Learn the basics about your Ki­wisaver fund

GOLDEN RULES

Auckland City Harbour News - - NEWS -

If all the news­pa­per col­umns ded­i­cated to Ki­wiSaver were laid end to end, they would stretch the length of the North Is­land.

I made that up, but you get what I mean – there have been a lot.

And that sheer, awe­some vol­ume of eru­dite Ki­wiSaver cov­er­age must be the rea­son 62 per cent of peo­ple in­ter­viewed by Massey Univer­sity ad­mit­ted they didn’t do any more than skim-read the ma­te­rial their Ki­wiSaver provider gave them while 8 per cent didn’t read it at all!

It’s more likely the ma­jor­ity of us lack the at­ten­tion span, higher de­gree in fi­nan­cial jar­gon and ac­cess to il­le­gal am­phet­a­mines, needed to get through the writ­ten ma­te­rial sent to us.

The re­port also said one in five peo­ple didn’t know what kind of Ki­wiSaver fund they were in, and I think it’s a fair bet a whole heap more don’t re­ally have a tremen­dous grasp of the kind of fund they are in, even if they do know the name of it.

So here’s my guide to get to grips with the most ba­sic of dif­fer­ences be­tween the three big­gest broad cat­e­gories of Ki­wiSaver fund: Con­ser­va­tive (in­clud­ing the de­fault funds), bal­anced and growth.

The first thing to know is that all three are run by fund man­agers tak­ing fees to pay them their six-fig­ure salaries. The more your fund is aimed at growth, the higher the fees.

All con­tain a mix­ture of three kinds of as­sets – cash, bonds and shares.

Cash is a word that stands for short-term de­posits mainly in banks.

Bonds are IOUs is­sued by com­pa­nies and bod­ies like gov­ern­ments which need to bor­row from in­vestors.

Those bor­row­ers pay in­ter­est to the bond­hold­ers and

Don’t be pas­sive. Make choices and know why you made them Read what you are sent Seek knowl­edge, ask ques­tions. prom­ise to give their money back at a cer­tain date.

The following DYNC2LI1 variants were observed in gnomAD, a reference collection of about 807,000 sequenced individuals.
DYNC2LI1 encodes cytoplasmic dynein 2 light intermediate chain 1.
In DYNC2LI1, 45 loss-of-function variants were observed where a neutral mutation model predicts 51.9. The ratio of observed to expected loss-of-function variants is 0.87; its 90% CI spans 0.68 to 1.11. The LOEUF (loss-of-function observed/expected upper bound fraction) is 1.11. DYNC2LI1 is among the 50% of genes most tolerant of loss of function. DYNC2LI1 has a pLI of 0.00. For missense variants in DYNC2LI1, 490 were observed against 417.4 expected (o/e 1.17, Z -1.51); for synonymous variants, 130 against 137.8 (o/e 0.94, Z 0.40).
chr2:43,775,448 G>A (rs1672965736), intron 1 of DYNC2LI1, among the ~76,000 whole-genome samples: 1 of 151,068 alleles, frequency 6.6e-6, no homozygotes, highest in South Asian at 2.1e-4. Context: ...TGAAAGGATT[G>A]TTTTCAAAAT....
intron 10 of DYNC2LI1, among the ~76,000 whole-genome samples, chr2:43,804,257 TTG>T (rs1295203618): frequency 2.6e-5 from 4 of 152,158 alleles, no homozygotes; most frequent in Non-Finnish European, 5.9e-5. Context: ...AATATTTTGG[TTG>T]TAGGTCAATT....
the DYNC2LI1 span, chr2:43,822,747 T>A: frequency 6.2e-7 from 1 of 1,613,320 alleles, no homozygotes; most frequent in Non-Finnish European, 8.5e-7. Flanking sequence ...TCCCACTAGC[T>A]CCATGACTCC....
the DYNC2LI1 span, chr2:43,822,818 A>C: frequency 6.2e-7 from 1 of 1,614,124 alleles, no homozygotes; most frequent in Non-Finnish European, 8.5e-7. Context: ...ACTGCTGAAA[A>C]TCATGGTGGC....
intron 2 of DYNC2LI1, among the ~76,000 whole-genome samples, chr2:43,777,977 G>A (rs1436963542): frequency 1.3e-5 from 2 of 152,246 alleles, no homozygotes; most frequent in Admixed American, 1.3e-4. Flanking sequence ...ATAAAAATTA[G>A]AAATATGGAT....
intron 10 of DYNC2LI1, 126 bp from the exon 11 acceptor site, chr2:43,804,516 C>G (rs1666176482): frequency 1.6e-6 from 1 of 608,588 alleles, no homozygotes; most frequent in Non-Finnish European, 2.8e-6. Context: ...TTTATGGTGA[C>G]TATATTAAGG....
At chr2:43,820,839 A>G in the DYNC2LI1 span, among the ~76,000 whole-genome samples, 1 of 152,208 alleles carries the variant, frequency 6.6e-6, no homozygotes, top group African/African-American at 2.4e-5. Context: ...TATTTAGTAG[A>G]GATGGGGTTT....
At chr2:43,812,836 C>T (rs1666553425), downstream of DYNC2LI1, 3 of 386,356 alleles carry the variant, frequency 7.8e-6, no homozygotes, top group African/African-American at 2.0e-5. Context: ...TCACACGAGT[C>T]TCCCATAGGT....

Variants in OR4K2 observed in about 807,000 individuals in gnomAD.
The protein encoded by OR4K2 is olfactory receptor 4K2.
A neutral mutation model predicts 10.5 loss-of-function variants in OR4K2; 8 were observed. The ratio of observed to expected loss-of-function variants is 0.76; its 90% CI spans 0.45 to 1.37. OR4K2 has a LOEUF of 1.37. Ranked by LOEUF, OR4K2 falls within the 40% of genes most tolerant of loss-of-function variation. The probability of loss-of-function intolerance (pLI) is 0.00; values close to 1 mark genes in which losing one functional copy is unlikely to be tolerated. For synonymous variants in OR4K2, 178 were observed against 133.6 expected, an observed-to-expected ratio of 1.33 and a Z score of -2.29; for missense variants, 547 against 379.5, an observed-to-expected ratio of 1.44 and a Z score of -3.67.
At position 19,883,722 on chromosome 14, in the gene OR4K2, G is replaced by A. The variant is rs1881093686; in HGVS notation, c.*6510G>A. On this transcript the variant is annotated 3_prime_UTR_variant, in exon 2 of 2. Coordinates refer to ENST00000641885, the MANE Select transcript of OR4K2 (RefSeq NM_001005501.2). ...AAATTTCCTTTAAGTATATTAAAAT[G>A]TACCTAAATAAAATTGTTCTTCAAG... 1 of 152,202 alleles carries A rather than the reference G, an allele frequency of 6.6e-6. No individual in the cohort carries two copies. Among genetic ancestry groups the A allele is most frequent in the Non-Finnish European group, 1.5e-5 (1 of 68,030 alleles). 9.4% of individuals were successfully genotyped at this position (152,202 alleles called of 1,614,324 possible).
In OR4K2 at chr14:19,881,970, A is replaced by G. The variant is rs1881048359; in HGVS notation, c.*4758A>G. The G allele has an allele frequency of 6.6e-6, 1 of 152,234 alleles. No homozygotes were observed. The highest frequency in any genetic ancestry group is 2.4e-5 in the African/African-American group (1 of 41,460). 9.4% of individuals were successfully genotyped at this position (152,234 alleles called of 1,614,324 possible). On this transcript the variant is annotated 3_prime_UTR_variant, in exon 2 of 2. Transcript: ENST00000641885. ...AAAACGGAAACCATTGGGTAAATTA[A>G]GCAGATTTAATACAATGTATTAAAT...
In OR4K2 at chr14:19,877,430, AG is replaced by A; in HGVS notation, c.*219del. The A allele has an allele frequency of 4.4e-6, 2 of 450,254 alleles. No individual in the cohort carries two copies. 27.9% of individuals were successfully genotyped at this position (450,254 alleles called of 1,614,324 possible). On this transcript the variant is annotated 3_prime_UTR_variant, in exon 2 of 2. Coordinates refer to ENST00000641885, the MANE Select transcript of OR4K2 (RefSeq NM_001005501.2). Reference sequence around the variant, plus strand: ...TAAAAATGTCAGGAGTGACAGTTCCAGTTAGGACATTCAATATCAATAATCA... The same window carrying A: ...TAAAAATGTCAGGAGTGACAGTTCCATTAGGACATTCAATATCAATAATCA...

Shares record the le­gal own­er­ship of a pro­por­tion of the com­pany that is­sued it, and a right to share in earn­ings handed out as div­i­dends.

All carry risk. The bank could go bust. Shares can lose value. Com­pa­nies can run out of money to pay the in­ter­est or also go bust.

For this rea­son, funds hold many shares and bonds from dif­fer­ent com­pa­nies and bor- row­ers and spread cash around banks to re­duce the risk of los­ing all the money.

Risk be­comes some­thing more akin to what you might call volatil­ity.

You can think of this as the bumpi­ness of the ride, the chance in any one year of a big loss, or gain in value.

Con­ser­va­tive funds hold lots of cash and higher-rated bonds. The chances of them los­ing value (ie, the banks go­ing bust and the bonds not get­ting paid back) is low. If you in­vest in a con­ser­va­tive fund you are in for the equiv­a­lent of the steady-asshe goes river­boat ride.

Bal­anced funds hold more bonds, more shares and less cash, so the chances of big­ger rises in value and big­ger falls in any year are higher. This is a chop­pier river ex­pe­ri­ence with dips and troughs.

Growth funds hold mostly shares. This is kayak­ing on a river with oc­ca­sional white­wa­ter. There will be ups and downs, though over the long haul, a growth fund should typ­i­cally beat the re­turn on con­ser­va­tive and bal­anced funds.

Fig­ures on the ex­cel­lent Sorted.org.nz web­site sug­gest there is a one in 13-year chance of con­ser­va­tive funds mak­ing a neg­a­tive re­turn, ris­ing to one in seven for bal­anced funds and one in five for growth funds.

Next week, my sub­ject will be how to use this knowl­edge to pick a Ki­wiSaver fund.

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